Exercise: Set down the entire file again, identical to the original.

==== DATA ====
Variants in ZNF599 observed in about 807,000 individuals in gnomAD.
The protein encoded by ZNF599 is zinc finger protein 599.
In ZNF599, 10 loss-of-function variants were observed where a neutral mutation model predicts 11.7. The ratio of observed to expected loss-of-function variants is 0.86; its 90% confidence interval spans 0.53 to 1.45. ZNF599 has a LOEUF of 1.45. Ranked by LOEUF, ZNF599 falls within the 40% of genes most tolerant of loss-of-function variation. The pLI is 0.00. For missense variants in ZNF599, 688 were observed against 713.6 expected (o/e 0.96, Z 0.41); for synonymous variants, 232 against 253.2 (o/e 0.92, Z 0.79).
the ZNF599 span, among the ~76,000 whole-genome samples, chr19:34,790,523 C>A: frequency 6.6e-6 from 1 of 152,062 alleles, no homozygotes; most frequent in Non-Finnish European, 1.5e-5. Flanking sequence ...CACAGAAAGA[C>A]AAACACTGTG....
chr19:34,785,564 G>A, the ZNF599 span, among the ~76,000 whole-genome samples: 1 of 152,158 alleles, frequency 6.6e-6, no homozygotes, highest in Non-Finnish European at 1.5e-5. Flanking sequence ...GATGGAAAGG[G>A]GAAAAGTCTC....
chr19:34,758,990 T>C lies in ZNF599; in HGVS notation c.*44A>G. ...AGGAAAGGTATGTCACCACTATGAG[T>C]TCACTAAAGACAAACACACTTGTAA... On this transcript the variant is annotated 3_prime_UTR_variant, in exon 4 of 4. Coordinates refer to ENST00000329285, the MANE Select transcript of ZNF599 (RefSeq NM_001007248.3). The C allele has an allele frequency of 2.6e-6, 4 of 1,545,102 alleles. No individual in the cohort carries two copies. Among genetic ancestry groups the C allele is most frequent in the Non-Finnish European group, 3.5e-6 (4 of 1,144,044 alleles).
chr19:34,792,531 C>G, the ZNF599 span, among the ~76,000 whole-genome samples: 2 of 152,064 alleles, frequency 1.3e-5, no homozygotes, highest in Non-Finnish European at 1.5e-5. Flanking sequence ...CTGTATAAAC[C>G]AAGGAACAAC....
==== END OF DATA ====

Variants in ZNF599 observed in about 807,000 individuals in gnomAD.
The protein encoded by ZNF599 is zinc finger protein 599.
In ZNF599, 10 loss-of-function variants were observed where a neutral mutation model predicts 11.7. The ratio of observed to expected loss-of-function variants is 0.86; its 90% confidence interval spans 0.53 to 1.45. ZNF599 has a LOEUF of 1.45. Ranked by LOEUF, ZNF599 falls within the 40% of genes most tolerant of loss-of-function variation. The pLI is 0.00. For missense variants in ZNF599, 688 were observed against 713.6 expected (o/e 0.96, Z 0.41); for synonymous variants, 232 against 253.2 (o/e 0.92, Z 0.79).
the ZNF599 span, among the ~76,000 whole-genome samples, chr19:34,790,523 C>A: frequency 6.6e-6 from 1 of 152,062 alleles, no homozygotes; most frequent in Non-Finnish European, 1.5e-5. Flanking sequence ...CACAGAAAGA[C>A]AAACACTGTG....
chr19:34,785,564 G>A, the ZNF599 span, among the ~76,000 whole-genome samples: 1 of 152,158 alleles, frequency 6.6e-6, no homozygotes, highest in Non-Finnish European at 1.5e-5. Flanking sequence ...GATGGAAAGG[G>A]GAAAAGTCTC....
chr19:34,758,990 T>C lies in ZNF599; in HGVS notation c.*44A>G. ...AGGAAAGGTATGTCACCACTATGAG[T>C]TCACTAAAGACAAACACACTTGTAA... On this transcript the variant is annotated 3_prime_UTR_variant, in exon 4 of 4. Coordinates refer to ENST00000329285, the MANE Select transcript of ZNF599 (RefSeq NM_001007248.3). The C allele has an allele frequency of 2.6e-6, 4 of 1,545,102 alleles. No individual in the cohort carries two copies. Among genetic ancestry groups the C allele is most frequent in the Non-Finnish European group, 3.5e-6 (4 of 1,144,044 alleles).
chr19:34,792,531 C>G, the ZNF599 span, among the ~76,000 whole-genome samples: 2 of 152,064 alleles, frequency 1.3e-5, no homozygotes, highest in Non-Finnish European at 1.5e-5. Flanking sequence ...CTGTATAAAC[C>G]AAGGAACAAC....